The Satchel Review - Saturday October 13

The view from Katoomba - snowfall in spring.
Skivvies? In spring? Now, that's groundbreaking!

As winter wardrobes prematurely filed away were resurrected from the archives to meet the wintry snap head on, an icy delivery of speech was heard in Canberra causing men doing the dishes across the country to ponder, 'Am I a misogynist?'. 

As far as news rules go, this week was a corker, presenting us not only with wintry weather in the middle of spring, but a parliamentary speech that made the international press pay attention to our underacknowledged island-continent. 

The nation's south was swept up in a chilly south-east snow storm mid-spring that froze toes like a Wintour gaze at a fashion show. What a wonder! What a treat! Look at the sleet on the street!

But as Anti-Poverty Week commenced, we were given reason to contemplate how those one million Australians surviving on the bare minimum of resources were able to meet the need of the sudden freeze. 

Have you watched the Four Corners report 'Growing Up Poor' on the ABC? If that does not elicit sympathy for the plight of our fellow neighbour (in Clayborne, NSW), I don't know what will. Those kids are legends in my books. But poverty on our doorsteps? This is not good at all. 

Just so you know, this same week, the Government put in place its legislation to force more than 140,000 sole parents off the Single Parent Payment onto a lower Newstart Allowance. Most of these sole parents (90 per cent, according to the Australian Council for Social Service) are female, and they include the mum in 'Growing Up Poor' whose daughter has no light in her room

This action will save the Government $700 million.

Yes, back in February an historic wage rise for workers in the community sector – dominated by women – was celebrated. It had been found by Fair Work Australia that "gender was an important influence" in why workers in community jobs were short-changed.

So, it followed that approximately 120,000 female workers were set to receive increases of up to $24,000 a year – average salaries in the sector rose from $42,000 to $56,000. A big gain!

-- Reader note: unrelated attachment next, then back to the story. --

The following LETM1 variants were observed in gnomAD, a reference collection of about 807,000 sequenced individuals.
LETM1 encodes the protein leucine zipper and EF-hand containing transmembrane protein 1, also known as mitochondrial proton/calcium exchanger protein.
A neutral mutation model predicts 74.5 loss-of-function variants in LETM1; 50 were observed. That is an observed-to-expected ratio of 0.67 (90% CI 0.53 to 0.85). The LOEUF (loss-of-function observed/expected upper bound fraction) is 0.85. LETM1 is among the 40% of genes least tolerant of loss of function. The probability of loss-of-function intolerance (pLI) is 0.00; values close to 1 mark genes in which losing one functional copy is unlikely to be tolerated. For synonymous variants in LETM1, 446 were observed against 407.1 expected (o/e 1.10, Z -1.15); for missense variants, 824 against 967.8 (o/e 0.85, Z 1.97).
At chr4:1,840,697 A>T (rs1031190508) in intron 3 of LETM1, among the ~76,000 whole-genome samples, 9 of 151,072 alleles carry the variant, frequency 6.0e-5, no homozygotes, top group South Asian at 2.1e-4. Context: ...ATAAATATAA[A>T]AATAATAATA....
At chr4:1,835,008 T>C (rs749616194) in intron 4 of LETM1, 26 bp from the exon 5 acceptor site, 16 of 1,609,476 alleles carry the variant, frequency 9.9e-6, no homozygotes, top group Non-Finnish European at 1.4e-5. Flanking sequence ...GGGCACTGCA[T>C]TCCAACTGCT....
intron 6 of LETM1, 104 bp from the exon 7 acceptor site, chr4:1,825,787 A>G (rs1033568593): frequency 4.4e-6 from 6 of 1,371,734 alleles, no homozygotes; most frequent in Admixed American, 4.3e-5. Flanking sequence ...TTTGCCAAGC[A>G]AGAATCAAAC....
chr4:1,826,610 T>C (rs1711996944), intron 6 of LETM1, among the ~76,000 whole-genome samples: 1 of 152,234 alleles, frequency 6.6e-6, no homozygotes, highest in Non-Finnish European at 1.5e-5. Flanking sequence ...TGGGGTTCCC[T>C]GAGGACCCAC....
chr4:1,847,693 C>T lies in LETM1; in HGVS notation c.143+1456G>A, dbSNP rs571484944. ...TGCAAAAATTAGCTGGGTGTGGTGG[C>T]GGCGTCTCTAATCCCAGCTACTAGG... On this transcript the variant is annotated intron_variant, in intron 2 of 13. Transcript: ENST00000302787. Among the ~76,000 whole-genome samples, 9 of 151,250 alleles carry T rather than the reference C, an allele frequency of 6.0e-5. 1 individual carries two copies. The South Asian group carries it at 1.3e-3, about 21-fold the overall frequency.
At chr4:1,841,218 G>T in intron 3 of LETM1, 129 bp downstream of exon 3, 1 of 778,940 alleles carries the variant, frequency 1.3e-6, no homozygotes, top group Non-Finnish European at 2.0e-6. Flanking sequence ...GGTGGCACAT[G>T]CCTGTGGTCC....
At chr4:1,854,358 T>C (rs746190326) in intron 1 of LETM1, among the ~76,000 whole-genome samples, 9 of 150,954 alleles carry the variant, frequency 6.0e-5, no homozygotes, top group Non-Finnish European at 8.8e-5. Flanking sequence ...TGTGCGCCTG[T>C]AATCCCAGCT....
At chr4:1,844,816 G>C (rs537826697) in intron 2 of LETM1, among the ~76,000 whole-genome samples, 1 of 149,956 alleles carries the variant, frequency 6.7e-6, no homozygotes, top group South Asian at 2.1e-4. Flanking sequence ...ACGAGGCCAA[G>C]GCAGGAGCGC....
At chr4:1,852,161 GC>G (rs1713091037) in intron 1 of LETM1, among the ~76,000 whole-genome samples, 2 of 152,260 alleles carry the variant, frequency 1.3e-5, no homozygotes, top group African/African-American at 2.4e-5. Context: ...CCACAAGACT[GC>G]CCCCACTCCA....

But the words and actions are not adding up. Balancing a budget is no easy feat, but getting your social policies right should be a standard for any decent nation – we look after the disadvantaged, marginalised and downtrodden, don't we? 

As the story goes, Prime Minister Julia Gillard took the opportunity in parliament to point to the Opposition leader's peddling of double standards following the resignation of the Speaker, Peter Slipper.  

"I will not be lectured about sexism and misogyny by this man," said a defiant Gillard. "If he wants to know what misogyny looks like in modern Australia, he doesn’t need a motion in the House of Representatives, he needs a mirror."

The New Yorker called Gillard's performance "political theatre", though we might recall the Shakespearean tragedy that was the unceremonious axing of Kevin Rudd when examining the mixed reactions to her feminist monologue: a play for political power or girl power?

Either way, she sparked a contemporary discussion of sexism as the word "misogyny" echoed around the globe from the antipodes to New York City.  

Gillard's impassioned speech was peppered with examples of Abbott's offensive opinions, including his past inferences that abortion is the easy way out, that women are physiologically ill equipped for positions of leadership, and that the housewives of Australia do the ironing as they think about issues such as the carbon tax, which was seen to be a bad thing (personally, I do all my good thinking while performing such menial tasks as vacuuming and hanging the washing).